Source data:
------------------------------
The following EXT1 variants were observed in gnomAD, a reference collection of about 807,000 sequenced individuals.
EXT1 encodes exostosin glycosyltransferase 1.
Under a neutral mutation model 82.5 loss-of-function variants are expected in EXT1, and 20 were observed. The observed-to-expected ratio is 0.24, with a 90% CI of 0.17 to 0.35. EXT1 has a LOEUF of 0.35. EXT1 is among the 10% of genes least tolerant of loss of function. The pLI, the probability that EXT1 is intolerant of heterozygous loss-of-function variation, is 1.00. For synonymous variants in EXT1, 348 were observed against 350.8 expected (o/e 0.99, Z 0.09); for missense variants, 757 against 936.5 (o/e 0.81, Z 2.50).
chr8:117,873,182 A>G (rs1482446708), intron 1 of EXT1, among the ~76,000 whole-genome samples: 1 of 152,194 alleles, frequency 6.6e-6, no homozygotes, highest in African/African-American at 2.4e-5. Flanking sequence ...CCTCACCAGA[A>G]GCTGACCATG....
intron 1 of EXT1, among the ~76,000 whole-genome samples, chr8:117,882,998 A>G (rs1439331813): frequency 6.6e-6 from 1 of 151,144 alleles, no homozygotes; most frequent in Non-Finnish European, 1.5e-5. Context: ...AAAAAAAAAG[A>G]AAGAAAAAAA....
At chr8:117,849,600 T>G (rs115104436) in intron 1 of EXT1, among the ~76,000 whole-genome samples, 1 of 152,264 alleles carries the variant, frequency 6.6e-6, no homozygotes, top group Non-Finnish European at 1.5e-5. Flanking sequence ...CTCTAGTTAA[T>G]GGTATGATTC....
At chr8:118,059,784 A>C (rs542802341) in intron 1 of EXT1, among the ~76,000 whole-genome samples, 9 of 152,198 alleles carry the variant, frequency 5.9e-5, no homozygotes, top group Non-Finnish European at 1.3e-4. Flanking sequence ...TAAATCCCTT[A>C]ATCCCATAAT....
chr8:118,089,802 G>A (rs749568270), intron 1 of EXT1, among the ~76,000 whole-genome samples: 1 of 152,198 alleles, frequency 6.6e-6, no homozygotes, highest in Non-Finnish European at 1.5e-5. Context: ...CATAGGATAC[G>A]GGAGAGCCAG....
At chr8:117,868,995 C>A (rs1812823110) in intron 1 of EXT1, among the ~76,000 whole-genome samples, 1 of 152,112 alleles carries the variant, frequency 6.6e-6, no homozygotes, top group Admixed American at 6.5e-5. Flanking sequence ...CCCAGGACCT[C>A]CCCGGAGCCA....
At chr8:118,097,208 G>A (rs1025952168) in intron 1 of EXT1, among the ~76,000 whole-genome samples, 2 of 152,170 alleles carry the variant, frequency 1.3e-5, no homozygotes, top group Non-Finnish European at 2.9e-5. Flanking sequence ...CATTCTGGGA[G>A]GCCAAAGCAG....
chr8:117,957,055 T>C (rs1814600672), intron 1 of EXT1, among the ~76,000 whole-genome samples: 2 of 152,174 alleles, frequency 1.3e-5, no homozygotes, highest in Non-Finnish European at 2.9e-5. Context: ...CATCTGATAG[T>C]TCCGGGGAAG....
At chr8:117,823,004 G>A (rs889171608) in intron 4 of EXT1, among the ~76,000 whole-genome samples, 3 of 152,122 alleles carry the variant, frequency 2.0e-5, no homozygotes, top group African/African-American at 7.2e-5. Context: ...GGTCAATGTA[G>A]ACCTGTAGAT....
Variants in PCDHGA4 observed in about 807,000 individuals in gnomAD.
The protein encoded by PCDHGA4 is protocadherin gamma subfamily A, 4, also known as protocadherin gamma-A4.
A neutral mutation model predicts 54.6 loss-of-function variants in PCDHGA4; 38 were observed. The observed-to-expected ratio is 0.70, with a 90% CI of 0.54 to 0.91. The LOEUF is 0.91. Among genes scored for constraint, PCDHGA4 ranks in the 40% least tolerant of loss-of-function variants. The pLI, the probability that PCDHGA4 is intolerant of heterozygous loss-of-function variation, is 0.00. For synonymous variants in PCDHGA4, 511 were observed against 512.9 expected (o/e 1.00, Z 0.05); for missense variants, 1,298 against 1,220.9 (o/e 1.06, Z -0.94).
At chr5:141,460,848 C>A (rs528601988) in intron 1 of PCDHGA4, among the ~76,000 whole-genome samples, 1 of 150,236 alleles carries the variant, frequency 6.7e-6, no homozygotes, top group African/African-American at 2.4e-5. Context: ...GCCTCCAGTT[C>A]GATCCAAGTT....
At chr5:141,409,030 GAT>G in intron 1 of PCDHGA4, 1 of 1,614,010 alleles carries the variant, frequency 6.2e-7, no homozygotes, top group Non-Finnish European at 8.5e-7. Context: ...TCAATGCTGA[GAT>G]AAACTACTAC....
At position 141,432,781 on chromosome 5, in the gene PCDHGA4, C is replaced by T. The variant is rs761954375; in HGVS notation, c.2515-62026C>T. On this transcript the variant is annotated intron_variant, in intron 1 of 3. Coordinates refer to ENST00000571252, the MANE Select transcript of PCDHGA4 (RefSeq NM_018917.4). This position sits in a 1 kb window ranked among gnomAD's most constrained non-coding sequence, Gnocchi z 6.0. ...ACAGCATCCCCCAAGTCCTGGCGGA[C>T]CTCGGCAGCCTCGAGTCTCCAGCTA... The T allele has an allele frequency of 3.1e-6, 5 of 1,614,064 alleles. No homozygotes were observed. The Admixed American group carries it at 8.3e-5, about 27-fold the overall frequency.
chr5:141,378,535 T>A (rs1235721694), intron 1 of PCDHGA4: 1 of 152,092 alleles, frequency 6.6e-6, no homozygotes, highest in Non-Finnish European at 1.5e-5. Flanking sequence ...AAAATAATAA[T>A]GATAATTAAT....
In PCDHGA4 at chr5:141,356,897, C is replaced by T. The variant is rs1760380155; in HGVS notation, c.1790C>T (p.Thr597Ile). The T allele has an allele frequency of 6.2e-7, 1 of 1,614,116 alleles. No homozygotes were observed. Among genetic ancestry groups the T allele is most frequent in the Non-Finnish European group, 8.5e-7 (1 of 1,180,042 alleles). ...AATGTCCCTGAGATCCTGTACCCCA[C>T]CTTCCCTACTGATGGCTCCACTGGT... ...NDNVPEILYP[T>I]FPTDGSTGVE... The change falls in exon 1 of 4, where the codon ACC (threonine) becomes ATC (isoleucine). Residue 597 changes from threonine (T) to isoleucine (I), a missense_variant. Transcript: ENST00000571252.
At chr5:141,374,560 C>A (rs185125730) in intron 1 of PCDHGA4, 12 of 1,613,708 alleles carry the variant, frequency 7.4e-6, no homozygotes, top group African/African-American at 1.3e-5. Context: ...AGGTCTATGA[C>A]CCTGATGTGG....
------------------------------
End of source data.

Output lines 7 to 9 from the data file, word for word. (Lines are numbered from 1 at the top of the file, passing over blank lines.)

At chr8:118,059,784 A>C (rs542802341) in intron 1 of EXT1, among the ~76,000 whole-genome samples, 9 of 152,198 alleles carry the variant, frequency 5.9e-5, no homozygotes, top group Non-Finnish European at 1.3e-4. Flanking sequence ...TAAATCCCTT[A>C]ATCCCATAAT....
chr8:118,089,802 G>A (rs749568270), intron 1 of EXT1, among the ~76,000 whole-genome samples: 1 of 152,198 alleles, frequency 6.6e-6, no homozygotes, highest in Non-Finnish European at 1.5e-5. Context: ...CATAGGATAC[G>A]GGAGAGCCAG....
At chr8:117,868,995 C>A (rs1812823110) in intron 1 of EXT1, among the ~76,000 whole-genome samples, 1 of 152,112 alleles carries the variant, frequency 6.6e-6, no homozygotes, top group Admixed American at 6.5e-5. Flanking sequence ...CCCAGGACCT[C>A]CCCGGAGCCA....